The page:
A couple things are in the plans to celebrate the new launch of the Chronicles of Aesirium; a Goodreads giveaway will be forthcoming (expected start: St Patrick's Day), but to whet your appetite, I'm going to share here the new opening chapter.
Chapter 1: Rom
Rom leaned close, hugging her friend. “Count to a thousand. If I’m not back by then, run home.” Rain pelted the tattered umbrella just loudly enough to mask the chattering of the two girls’ teeth; Rom wiped away a clump of her unnaturally white hair from her face so she could look directly into her friend’s eyes. Finally, Kari’s head bobbed in as much as shiver as a nod. Leaving before either one of them could talk her out of it, Rom pressed the umbrella into Kari’s hands and vaulted the fence into the unknown beyond. She didn’t like the idea of leaving Kari there, but they needed to move fast if they didn’t want to be late, and the rainfall was slowing them down. Plus, Rom reminded herself for the forty-seventh time, there were monsters out here past the fields.
Facing a choice between slow caution and fast defensiveness, Rom chose the latter. The orphanage’s standard issue long dress and jacket protected her against the hundred small whips of the thorns and sharp leaves as she first began to make her way through the plants. After only a few moments of it, she grew annoyed with the many slight stings and pushed off from the ground, using her unnatural degree of skill to cover ten, twenty, as much as thirty meters in a leap. She was never able to really push herself like this: the rooms at the orphanage were small, and the tiny courtyard used for their afternoon constitutional was only barely big enough for the children’s daily game of “try to hit ratgirl before she gets away”. Plus, Rom didn’t like to jump as far as she knew she could, if any of the other children were around to make fun of her. Her hair was unique enough; no reason to give them any other excuse to tease. For a few moments like this, it felt like flying. They said that there were animals out in the Wild that could fly too, far from Oldtown-Against-The-Wall, where the sort of thing like being different could get you punished; but flying was said to be a “challenge to the Wall itself”, and was a crime listed among the worst of them.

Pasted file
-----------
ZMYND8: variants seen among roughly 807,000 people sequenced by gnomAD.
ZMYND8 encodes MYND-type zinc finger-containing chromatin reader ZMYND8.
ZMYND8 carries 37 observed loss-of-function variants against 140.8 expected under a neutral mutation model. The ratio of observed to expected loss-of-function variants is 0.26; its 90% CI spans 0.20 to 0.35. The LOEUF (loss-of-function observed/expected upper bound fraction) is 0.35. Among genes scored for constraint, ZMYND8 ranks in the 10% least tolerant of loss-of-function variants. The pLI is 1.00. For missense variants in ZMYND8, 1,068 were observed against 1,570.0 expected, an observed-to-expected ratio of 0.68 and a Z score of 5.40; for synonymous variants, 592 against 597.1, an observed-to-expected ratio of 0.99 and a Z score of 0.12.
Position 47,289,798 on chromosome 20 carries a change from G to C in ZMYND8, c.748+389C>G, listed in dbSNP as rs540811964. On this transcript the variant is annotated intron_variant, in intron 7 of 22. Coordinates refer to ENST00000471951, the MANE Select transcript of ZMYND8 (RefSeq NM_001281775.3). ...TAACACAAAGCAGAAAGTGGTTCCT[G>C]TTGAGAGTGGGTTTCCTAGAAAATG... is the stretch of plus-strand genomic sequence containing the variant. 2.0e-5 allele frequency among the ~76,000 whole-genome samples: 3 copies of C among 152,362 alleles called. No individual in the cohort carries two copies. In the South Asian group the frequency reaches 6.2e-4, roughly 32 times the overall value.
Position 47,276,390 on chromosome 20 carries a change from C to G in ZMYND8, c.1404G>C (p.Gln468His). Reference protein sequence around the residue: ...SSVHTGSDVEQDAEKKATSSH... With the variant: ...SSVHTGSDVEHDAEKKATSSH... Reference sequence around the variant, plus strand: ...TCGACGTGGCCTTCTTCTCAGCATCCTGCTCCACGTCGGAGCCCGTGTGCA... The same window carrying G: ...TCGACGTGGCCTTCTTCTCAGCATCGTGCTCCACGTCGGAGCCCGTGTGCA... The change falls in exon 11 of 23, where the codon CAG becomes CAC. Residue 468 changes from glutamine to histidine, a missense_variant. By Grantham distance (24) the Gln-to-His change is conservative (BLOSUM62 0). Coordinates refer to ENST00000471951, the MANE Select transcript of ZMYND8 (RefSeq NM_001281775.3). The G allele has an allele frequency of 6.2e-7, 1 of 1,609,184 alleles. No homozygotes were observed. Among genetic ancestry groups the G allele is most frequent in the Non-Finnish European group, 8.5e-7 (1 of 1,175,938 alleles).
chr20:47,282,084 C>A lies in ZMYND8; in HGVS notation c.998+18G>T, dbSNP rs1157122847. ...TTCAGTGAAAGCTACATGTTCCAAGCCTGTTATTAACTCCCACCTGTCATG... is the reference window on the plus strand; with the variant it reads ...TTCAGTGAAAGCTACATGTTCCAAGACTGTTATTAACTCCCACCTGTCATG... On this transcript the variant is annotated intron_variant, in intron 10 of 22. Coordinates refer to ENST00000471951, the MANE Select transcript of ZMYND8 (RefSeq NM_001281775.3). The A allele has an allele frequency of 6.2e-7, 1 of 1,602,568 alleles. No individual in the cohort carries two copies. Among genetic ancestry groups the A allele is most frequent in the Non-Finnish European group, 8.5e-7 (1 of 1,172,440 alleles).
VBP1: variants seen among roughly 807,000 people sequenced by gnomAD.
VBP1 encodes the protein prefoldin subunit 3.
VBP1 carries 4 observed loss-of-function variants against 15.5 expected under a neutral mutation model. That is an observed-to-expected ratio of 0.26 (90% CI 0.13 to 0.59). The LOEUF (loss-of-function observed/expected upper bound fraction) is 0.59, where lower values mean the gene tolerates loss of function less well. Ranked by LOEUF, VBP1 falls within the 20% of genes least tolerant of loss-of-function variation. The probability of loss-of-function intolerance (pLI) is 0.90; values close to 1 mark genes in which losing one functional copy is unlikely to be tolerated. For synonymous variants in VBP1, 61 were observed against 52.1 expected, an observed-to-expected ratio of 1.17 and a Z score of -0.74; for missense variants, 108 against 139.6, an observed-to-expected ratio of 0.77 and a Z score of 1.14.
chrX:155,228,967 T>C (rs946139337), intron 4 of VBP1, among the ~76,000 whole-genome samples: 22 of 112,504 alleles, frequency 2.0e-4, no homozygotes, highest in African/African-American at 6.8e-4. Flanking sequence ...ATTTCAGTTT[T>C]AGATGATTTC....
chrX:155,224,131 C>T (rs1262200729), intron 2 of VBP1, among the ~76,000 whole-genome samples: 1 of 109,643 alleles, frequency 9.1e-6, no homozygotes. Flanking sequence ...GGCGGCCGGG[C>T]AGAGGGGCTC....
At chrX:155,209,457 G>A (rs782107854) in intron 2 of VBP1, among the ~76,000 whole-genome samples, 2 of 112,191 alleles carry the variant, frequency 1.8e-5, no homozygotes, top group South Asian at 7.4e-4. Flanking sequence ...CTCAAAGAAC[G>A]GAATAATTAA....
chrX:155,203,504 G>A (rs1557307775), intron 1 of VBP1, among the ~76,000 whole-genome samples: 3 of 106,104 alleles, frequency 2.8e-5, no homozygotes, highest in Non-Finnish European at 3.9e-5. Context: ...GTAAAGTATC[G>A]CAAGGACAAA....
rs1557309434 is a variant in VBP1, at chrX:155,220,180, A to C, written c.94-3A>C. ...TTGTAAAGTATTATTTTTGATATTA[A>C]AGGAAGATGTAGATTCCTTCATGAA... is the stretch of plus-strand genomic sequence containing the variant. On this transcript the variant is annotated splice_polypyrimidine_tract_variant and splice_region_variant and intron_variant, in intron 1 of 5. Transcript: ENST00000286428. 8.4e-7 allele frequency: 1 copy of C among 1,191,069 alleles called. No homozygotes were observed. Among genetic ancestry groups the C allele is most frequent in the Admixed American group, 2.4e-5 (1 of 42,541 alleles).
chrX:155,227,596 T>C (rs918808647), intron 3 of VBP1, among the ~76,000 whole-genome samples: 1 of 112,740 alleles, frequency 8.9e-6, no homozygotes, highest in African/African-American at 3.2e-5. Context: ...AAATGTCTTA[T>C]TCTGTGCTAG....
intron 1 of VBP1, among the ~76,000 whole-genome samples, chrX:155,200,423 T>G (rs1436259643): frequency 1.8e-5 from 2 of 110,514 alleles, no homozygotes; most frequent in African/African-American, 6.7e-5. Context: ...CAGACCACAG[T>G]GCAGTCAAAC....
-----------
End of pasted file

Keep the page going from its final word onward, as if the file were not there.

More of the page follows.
Five hundred meters out, a distant lightning flash lit up the area near the landmark drawn on the map they’d been given – the wrecked remains of one of the large Machines, left partially-submerged in the ground. She’d seen drawings of them in the daily class sessions, and a few of the larger and simpler constructs were still left rusting around the edges of the fields, but this was the first time she’d seen one of the latter generations of them with her own eyes. They probably looked less unsettling in the daylight, she told herself. Or when it wasn’t raining. Or both.
The actual constructs which had been built to tend to the fields had been simple – designed for the functions they required. Thus they were boxy, blatantly mechanical things – but when the constructs began to make their own machines, their designs took on a much more organic look. They had never known why the Machines began building new Machines, much less why they had built them so unrestrained by the tenets of apparent efficiency; but one thing was certain. When the Machines began to create other Machines, they made them look like people.